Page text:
With the rise of e-commerce, declining foot traffic in malls and shuttering department stores, retail landlords and brick-and-mortar tenants have faced a wave of challenges in recent years.
As a result, both landlords and tenants are constantly searching for new and unique ways to improve their bottom-line figures. One recent area where this has become an issue concerns in-person returns from online sales, and how they affect a retail tenant’s percentage rent calculation.
Many retail leases contain a percentage rent provision in which a tenant pays a portion of its gross sales above a certain threshold to the landlord in addition to the tenant’s other rental obligations.
These provisions often include numerous exclusions that can be deducted from a tenant’s gross sales calculation, including employee discounts, gift certificates prior to redemption and fees paid to credit card companies. Many leases also contain language allowing retailers to deduct the sales price of items that have been returned by customers.
As a result of the rising popularity of online shopping, disputes have arisen between retail landlords and tenants as to whether tenants can deduct the sales price of items bought online and subsequently returned in store from the gross sales calculation in their lease agreements.
If you’re a retail landlord or tenant reviewing a lease and are concerned that it is ambiguous on whether online returns are excluded from the calculation of gross sales, you’re not alone.
Last year, David Simon, CEO of Simon Property Group, the country’s largest owner of shopping malls, lamented to industry analysts that the issue of online return exclusions needed to be addressed in future leases.
Simon and many other retail landlords have seen their revenues from percentage rent provisions adversely affected as tenants increasingly seek to exclude such online returns from the determination of their percentage rent obligations. There currently is no consistent industry standard that governs the issue, causing it to be negotiated on a case-by-case, deal-specific basis.
Landlords will argue that deducting such online sales from a tenant’s percentage rent obligation is unfair, because such items were not previously included in gross sales. The meteoric rise in popularity of online shopping has already caused enough headaches for retail landlords; the last thing many want to see is their shopping center morphed into a de facto distribution center for online sales and returns. In the long term, lower gross sales figures can adversely affect real estate valuations, hindering the landlord’s ability to refinance or sell a property.
Tenants counter that while such returned items were not previously included in their gross sales calculation, the in-store return process generates increased foot traffic in shopping centers that presumably leads to an increase in sales and benefits the center as a whole.
When addressing this issue, landlords and tenants should take into consideration their respective bargaining powers, the nature of the tenant’s business and the likelihood that foot traffic from such returns will benefit the shopping center as a whole.
Tenants that are housed in exterior pad sites or near centers’ entrances would likely be a convenient return option for consumers and therefore bring less foot traffic than a tenant centrally located within the development.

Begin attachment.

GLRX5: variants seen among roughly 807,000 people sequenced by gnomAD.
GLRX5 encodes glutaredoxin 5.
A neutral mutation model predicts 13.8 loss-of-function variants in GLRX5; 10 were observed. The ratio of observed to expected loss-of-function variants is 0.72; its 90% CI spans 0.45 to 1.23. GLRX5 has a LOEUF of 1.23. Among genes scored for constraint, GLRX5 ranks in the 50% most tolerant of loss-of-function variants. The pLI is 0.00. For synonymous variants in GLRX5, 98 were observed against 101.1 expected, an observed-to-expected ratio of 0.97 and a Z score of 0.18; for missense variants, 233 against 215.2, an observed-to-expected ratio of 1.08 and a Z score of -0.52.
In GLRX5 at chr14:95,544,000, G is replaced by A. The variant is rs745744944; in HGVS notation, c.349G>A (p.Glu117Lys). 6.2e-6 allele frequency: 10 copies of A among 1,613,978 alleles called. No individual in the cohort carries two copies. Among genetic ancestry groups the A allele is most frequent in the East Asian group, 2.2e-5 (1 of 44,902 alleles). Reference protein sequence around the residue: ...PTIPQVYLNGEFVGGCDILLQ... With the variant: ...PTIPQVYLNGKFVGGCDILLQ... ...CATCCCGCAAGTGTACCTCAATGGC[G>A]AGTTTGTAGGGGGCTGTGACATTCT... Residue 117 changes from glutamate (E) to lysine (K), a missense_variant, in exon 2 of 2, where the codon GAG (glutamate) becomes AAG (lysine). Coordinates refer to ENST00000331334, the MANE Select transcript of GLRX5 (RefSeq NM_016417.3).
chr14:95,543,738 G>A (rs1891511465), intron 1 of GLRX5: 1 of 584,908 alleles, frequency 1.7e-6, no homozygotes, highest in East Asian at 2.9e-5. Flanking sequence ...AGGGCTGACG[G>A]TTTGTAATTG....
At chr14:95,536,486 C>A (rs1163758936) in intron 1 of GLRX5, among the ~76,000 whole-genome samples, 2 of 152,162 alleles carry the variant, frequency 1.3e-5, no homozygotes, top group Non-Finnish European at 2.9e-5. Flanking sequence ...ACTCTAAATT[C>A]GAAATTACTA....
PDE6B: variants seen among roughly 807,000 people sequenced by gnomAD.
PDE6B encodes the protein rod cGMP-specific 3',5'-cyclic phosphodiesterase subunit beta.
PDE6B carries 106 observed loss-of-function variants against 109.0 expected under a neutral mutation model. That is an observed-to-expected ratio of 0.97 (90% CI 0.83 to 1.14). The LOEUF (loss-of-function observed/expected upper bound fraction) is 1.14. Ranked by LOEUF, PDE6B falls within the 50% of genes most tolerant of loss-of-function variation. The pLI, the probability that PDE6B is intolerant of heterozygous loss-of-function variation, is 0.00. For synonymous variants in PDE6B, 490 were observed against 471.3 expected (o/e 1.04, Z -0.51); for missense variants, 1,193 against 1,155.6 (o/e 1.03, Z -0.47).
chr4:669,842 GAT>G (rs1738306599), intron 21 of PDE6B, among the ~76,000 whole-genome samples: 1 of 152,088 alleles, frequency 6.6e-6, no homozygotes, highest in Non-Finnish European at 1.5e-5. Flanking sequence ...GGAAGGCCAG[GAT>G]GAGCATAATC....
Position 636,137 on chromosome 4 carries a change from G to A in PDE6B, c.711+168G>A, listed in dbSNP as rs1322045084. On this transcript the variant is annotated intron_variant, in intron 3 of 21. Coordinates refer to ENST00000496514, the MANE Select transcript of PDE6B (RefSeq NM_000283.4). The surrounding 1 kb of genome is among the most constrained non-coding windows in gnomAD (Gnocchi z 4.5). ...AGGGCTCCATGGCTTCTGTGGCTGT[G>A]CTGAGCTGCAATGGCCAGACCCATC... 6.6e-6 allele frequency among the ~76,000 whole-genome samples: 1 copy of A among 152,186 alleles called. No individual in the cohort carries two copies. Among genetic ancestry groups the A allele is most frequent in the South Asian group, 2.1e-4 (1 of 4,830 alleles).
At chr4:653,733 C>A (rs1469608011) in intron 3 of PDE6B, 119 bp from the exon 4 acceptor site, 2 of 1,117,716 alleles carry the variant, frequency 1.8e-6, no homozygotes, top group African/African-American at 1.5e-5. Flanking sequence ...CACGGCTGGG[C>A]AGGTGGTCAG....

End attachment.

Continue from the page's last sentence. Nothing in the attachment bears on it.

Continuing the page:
Furthermore, if the tenant is in the business of selling items that are particularly expensive, the resulting foot traffic from the customer returning an expensive purchase and subsequently buying coffee and a bagel in the food court isn’t helping the landlord’s balance sheet if such return is fully deducted from a gross sales calculation.
From a landlord’s perspective, the most favorable language in a lease addressing the online sales return issue is to state that only returns of items that were previously included in a tenant’s gross sales calculation can subsequently be deducted from such calculation. Landlords should also insist that the lease provides them adequate audit rights pertaining to tenant’s gross sales reports to ensure that returns are not being improperly deducted.
For tenants, a blanket exclusion for returned items from gross sales would be the best case scenario. However, few, if any landlords are likely to agree to such a provision.
In today’s omnichannel retail experience environment, tenants may attempt to carve out an exclusion for returns of any items ordered at or delivered to their store, regardless of whether such original purchase was included in gross sales, using the aforementioned argument that returns of such items generate increased foot traffic in the shopping center.
If both parties are willing to compromise on the online sales returns issue, often the easiest solution is to allow such exclusion for items returned in store, but only up to a certain, small percentage of the total gross sales calculation, typically ranging from 2 to 5 percent.
The Bottom Line
Gross sales provisions in retail leases are often complicated and cumbersome for both landlords and tenants to interpret, and the emergence of e-commerce has exacerbated this problem. Older leases often do not adequately address the issue, and with no clear industry standard in place, new leases should clearly and definitively state the nature of returned items that can be excluded from a tenant’s gross sales calculation.
Whether landlords or tenants are attempting to interpret existing gross sales calculation language or negotiate a new lease, they should retain an experienced real estate attorney to advise them throughout the process.